The World Health Organization (WHO) classification is the most commonly used method for classifying brain tumors. It is based on pathological differences and the implicit belief that these tumors arise from specific categories of normal cells (Table 1). Brain tumors in children are for the most part primary central nervous system (CNS) neoplasms, while metastatic tumors, meningiomas and pituitary adenomas are rarely encountered. Aside from these epidemiological differences, there are other features that distinguish childhood brain tumors from their counterparts in adults. One is the relative incidence by histological type. Medulloblastomas, a class of primitive neuroectodermal tumors (PNET), occur mainly in children and young adults. In addition, the incidence of teratomas, germinomas and craniopharyngiomas is also higher in children. In general, the diversity of tumors in children is greater. Fortunately, the most malignant astro-cytic tumor, glioblastoma multiforme, is less common in children. A second major distinguishing feature is their site of origin (Table 2). Approximately one half of pediatric brain tumors arise in the posterior fossa, as compared to 10% in adults. The reason for this prediliction is unknown. In addition, germ-cell tumors, cran-iopharyngiomas and optic-pathway gliomas tend to arise either in the midline or adjacent to the midline.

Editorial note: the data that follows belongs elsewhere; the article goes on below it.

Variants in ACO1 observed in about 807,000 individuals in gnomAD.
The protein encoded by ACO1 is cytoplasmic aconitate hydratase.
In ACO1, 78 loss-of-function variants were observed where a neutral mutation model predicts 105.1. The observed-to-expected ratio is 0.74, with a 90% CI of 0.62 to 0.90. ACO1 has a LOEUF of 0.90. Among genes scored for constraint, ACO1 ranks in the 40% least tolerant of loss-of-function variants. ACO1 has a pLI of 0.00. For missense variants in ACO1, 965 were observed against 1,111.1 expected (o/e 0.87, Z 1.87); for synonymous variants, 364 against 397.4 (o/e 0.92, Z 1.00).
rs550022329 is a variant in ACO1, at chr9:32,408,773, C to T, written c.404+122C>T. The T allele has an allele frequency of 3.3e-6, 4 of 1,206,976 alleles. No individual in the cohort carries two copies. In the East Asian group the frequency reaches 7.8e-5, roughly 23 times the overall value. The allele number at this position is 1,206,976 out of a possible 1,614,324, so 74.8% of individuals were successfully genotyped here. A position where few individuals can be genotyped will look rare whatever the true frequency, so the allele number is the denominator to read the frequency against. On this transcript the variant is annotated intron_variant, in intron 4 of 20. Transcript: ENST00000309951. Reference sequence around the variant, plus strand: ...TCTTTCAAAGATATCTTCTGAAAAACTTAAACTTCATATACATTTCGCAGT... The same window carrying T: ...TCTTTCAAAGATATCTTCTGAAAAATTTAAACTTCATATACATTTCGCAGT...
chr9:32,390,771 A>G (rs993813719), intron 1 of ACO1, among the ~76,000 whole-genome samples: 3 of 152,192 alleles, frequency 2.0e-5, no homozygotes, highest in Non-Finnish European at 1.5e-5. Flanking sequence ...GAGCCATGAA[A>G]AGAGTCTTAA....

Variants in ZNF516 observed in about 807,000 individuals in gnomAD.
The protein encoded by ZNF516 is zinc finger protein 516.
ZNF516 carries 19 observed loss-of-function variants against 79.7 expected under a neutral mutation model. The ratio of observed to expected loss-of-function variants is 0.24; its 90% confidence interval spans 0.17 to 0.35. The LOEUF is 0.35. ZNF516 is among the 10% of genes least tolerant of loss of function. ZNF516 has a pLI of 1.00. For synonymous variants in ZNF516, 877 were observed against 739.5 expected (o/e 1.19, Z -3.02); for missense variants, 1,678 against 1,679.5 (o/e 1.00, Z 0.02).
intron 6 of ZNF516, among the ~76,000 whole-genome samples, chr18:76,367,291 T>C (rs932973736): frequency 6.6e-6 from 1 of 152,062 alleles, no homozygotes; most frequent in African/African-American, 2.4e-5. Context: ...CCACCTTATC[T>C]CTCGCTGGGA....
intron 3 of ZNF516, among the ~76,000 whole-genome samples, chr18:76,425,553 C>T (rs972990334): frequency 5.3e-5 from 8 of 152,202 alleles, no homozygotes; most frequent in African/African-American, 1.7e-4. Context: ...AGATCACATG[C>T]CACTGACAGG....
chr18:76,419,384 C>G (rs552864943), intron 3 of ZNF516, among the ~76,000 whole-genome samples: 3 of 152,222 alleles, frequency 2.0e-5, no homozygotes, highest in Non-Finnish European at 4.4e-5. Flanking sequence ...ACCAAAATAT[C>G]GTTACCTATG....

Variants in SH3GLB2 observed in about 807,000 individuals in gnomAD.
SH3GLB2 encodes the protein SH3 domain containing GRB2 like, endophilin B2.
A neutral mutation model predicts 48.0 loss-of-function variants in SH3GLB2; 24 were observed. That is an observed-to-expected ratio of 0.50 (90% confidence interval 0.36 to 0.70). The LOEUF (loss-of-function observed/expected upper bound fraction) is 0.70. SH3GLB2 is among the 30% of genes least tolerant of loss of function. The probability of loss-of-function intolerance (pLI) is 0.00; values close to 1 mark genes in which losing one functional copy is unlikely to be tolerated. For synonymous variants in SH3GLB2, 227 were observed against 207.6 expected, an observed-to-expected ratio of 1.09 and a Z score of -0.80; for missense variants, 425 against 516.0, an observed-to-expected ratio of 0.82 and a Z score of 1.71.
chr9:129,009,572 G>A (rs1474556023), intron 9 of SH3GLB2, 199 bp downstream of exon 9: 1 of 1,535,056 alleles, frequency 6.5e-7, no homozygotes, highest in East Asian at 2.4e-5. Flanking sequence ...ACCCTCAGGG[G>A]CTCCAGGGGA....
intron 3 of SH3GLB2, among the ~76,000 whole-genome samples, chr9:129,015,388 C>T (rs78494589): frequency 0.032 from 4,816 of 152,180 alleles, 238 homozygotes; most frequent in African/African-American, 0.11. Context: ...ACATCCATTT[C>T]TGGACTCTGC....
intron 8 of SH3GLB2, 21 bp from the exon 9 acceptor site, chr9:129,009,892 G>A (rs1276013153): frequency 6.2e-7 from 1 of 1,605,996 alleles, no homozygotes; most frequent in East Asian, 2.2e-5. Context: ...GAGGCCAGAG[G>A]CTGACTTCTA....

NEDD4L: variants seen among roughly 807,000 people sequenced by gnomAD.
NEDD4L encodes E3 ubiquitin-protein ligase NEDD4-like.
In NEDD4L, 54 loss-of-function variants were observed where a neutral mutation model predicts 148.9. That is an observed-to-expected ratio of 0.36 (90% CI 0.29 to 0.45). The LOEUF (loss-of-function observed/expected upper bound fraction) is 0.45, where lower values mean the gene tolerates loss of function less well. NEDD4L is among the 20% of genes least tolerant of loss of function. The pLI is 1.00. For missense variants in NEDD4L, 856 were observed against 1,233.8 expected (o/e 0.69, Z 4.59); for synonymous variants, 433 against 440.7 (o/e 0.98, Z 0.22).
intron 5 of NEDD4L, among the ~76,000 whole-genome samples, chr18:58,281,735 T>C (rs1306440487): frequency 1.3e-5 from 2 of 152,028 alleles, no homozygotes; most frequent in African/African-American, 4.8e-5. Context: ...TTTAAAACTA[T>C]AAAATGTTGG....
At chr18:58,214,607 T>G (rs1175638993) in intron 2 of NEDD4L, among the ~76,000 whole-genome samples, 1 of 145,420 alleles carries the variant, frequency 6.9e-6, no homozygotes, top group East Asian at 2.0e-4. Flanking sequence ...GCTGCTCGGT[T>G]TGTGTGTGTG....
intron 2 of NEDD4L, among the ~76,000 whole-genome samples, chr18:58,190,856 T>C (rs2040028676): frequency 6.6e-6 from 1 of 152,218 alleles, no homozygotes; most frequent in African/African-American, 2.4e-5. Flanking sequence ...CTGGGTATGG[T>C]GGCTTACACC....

Pediatric Neurosurgery, edited by David Frim and Nalin Gupta. ©2006 Landes Bioscience.
Was this article helpful?